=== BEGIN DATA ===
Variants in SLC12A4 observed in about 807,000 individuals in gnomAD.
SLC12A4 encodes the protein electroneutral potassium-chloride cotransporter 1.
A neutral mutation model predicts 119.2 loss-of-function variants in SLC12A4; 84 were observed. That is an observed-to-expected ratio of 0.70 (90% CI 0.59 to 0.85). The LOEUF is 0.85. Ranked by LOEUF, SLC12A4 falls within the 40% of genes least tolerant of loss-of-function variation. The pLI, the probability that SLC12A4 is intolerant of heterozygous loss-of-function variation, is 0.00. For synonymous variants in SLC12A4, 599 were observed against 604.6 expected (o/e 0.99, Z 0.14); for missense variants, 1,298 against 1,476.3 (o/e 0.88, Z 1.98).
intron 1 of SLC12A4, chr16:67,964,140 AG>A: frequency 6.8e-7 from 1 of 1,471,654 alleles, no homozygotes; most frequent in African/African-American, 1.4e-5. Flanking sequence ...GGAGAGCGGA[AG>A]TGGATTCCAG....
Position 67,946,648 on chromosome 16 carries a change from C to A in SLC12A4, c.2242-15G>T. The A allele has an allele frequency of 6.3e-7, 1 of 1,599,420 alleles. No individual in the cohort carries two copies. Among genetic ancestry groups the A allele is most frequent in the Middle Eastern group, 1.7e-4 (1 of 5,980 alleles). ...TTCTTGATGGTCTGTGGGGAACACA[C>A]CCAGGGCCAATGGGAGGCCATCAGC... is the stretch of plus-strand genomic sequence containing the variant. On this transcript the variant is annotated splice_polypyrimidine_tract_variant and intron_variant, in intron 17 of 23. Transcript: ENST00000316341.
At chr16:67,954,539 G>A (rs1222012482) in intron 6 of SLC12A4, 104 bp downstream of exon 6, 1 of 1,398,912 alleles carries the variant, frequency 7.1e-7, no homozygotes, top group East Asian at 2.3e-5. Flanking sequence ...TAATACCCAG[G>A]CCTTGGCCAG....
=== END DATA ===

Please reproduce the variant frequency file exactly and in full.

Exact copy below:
Variants in SLC12A4 observed in about 807,000 individuals in gnomAD.
SLC12A4 encodes the protein electroneutral potassium-chloride cotransporter 1.
A neutral mutation model predicts 119.2 loss-of-function variants in SLC12A4; 84 were observed. That is an observed-to-expected ratio of 0.70 (90% CI 0.59 to 0.85). The LOEUF is 0.85. Ranked by LOEUF, SLC12A4 falls within the 40% of genes least tolerant of loss-of-function variation. The pLI, the probability that SLC12A4 is intolerant of heterozygous loss-of-function variation, is 0.00. For synonymous variants in SLC12A4, 599 were observed against 604.6 expected (o/e 0.99, Z 0.14); for missense variants, 1,298 against 1,476.3 (o/e 0.88, Z 1.98).
intron 1 of SLC12A4, chr16:67,964,140 AG>A: frequency 6.8e-7 from 1 of 1,471,654 alleles, no homozygotes; most frequent in African/African-American, 1.4e-5. Flanking sequence ...GGAGAGCGGA[AG>A]TGGATTCCAG....
Position 67,946,648 on chromosome 16 carries a change from C to A in SLC12A4, c.2242-15G>T. The A allele has an allele frequency of 6.3e-7, 1 of 1,599,420 alleles. No individual in the cohort carries two copies. Among genetic ancestry groups the A allele is most frequent in the Middle Eastern group, 1.7e-4 (1 of 5,980 alleles). ...TTCTTGATGGTCTGTGGGGAACACA[C>A]CCAGGGCCAATGGGAGGCCATCAGC... is the stretch of plus-strand genomic sequence containing the variant. On this transcript the variant is annotated splice_polypyrimidine_tract_variant and intron_variant, in intron 17 of 23. Transcript: ENST00000316341.
At chr16:67,954,539 G>A (rs1222012482) in intron 6 of SLC12A4, 104 bp downstream of exon 6, 1 of 1,398,912 alleles carries the variant, frequency 7.1e-7, no homozygotes, top group East Asian at 2.3e-5. Flanking sequence ...TAATACCCAG[G>A]CCTTGGCCAG....